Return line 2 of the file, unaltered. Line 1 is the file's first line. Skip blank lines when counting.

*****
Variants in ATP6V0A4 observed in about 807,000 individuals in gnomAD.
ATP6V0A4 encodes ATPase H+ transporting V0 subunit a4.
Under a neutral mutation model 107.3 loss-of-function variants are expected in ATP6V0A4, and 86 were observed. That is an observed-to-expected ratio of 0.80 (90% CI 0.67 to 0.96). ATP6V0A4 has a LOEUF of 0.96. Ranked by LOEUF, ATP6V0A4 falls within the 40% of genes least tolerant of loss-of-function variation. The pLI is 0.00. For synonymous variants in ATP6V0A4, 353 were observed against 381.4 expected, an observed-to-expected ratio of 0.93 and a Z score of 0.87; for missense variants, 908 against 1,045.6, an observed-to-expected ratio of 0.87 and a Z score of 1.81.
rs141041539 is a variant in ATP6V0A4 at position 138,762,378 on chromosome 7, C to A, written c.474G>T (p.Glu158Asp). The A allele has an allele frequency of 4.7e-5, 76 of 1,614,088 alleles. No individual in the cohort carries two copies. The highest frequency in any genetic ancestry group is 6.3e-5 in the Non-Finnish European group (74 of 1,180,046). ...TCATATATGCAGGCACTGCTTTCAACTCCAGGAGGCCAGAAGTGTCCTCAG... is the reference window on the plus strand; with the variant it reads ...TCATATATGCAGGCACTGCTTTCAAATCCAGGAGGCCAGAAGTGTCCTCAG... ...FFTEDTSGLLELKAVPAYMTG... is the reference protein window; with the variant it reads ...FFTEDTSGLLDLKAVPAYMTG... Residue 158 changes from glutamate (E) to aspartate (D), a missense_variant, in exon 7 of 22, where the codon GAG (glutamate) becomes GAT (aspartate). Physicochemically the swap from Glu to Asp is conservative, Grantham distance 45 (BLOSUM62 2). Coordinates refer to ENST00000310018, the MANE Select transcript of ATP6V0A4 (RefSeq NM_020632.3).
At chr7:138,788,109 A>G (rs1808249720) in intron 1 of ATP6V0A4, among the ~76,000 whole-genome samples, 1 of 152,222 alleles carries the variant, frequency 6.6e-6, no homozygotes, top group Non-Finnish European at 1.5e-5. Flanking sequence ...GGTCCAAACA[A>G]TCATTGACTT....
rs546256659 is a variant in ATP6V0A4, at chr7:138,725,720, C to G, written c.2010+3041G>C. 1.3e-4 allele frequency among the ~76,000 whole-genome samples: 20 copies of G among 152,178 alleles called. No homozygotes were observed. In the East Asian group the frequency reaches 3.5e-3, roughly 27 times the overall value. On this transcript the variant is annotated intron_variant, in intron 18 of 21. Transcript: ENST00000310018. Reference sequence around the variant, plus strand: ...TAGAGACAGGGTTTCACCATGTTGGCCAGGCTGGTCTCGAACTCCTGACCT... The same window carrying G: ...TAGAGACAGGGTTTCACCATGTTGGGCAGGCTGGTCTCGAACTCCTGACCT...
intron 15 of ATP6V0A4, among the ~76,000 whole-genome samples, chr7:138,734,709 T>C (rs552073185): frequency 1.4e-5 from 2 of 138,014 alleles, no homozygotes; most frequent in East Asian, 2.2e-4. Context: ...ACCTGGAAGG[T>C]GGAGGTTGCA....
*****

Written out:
ATP6V0A4 encodes ATPase H+ transporting V0 subunit a4.